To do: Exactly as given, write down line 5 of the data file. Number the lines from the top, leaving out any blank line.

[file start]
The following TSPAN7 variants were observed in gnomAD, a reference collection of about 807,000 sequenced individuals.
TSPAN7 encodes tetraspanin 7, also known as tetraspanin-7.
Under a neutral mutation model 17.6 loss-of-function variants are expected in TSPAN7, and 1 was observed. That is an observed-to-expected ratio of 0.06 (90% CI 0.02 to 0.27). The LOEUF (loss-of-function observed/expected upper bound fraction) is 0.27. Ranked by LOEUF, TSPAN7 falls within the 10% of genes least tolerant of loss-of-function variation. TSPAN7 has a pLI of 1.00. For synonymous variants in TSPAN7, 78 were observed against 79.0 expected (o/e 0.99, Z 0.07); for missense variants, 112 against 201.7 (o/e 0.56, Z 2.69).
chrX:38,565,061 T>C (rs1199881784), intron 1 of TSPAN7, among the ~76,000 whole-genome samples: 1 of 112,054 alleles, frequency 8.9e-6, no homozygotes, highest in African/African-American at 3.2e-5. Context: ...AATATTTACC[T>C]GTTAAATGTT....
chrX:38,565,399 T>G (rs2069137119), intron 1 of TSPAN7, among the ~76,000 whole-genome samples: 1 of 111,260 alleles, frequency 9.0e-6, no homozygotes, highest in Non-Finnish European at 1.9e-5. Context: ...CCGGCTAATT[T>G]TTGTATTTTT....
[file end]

chrX:38,565,399 T>G (rs2069137119), intron 1 of TSPAN7, among the ~76,000 whole-genome samples: 1 of 111,260 alleles, frequency 9.0e-6, no homozygotes, highest in Non-Finnish European at 1.9e-5. Context: ...CCGGCTAATT[T>G]TTGTATTTTT....